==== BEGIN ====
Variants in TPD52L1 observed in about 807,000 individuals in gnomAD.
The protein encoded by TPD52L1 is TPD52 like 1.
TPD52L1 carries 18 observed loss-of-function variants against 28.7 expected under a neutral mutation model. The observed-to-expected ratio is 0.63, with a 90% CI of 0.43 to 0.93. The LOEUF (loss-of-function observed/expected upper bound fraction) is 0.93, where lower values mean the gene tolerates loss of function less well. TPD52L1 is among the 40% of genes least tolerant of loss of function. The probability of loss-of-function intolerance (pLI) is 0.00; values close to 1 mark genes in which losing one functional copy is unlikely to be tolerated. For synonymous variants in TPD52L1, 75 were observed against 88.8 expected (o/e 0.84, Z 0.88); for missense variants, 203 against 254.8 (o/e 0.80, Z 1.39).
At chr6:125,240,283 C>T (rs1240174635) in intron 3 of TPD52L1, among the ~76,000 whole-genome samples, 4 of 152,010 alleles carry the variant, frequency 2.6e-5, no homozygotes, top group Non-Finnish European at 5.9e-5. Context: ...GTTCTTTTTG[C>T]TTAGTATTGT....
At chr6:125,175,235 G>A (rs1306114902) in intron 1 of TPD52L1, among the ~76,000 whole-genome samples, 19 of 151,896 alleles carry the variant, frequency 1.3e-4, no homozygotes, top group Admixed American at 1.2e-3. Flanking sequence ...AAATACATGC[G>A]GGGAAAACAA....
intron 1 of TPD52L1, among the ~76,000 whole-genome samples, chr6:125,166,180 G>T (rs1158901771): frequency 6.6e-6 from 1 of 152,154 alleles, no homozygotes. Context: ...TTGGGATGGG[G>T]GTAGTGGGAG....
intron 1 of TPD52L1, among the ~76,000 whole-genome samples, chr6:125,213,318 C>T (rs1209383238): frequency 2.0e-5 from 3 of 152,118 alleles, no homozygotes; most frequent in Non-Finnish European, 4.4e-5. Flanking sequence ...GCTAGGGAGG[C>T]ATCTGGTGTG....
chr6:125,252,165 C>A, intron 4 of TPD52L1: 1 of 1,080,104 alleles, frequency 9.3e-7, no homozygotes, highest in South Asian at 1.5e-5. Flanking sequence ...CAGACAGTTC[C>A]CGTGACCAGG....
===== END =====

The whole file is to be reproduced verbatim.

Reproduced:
Variants in TPD52L1 observed in about 807,000 individuals in gnomAD.
The protein encoded by TPD52L1 is TPD52 like 1.
TPD52L1 carries 18 observed loss-of-function variants against 28.7 expected under a neutral mutation model. The observed-to-expected ratio is 0.63, with a 90% CI of 0.43 to 0.93. The LOEUF (loss-of-function observed/expected upper bound fraction) is 0.93, where lower values mean the gene tolerates loss of function less well. TPD52L1 is among the 40% of genes least tolerant of loss of function. The probability of loss-of-function intolerance (pLI) is 0.00; values close to 1 mark genes in which losing one functional copy is unlikely to be tolerated. For synonymous variants in TPD52L1, 75 were observed against 88.8 expected (o/e 0.84, Z 0.88); for missense variants, 203 against 254.8 (o/e 0.80, Z 1.39).
At chr6:125,240,283 C>T (rs1240174635) in intron 3 of TPD52L1, among the ~76,000 whole-genome samples, 4 of 152,010 alleles carry the variant, frequency 2.6e-5, no homozygotes, top group Non-Finnish European at 5.9e-5. Context: ...GTTCTTTTTG[C>T]TTAGTATTGT....
At chr6:125,175,235 G>A (rs1306114902) in intron 1 of TPD52L1, among the ~76,000 whole-genome samples, 19 of 151,896 alleles carry the variant, frequency 1.3e-4, no homozygotes, top group Admixed American at 1.2e-3. Flanking sequence ...AAATACATGC[G>A]GGGAAAACAA....
intron 1 of TPD52L1, among the ~76,000 whole-genome samples, chr6:125,166,180 G>T (rs1158901771): frequency 6.6e-6 from 1 of 152,154 alleles, no homozygotes. Context: ...TTGGGATGGG[G>T]GTAGTGGGAG....
intron 1 of TPD52L1, among the ~76,000 whole-genome samples, chr6:125,213,318 C>T (rs1209383238): frequency 2.0e-5 from 3 of 152,118 alleles, no homozygotes; most frequent in Non-Finnish European, 4.4e-5. Flanking sequence ...GCTAGGGAGG[C>T]ATCTGGTGTG....
chr6:125,252,165 C>A, intron 4 of TPD52L1: 1 of 1,080,104 alleles, frequency 9.3e-7, no homozygotes, highest in South Asian at 1.5e-5. Flanking sequence ...CAGACAGTTC[C>A]CGTGACCAGG....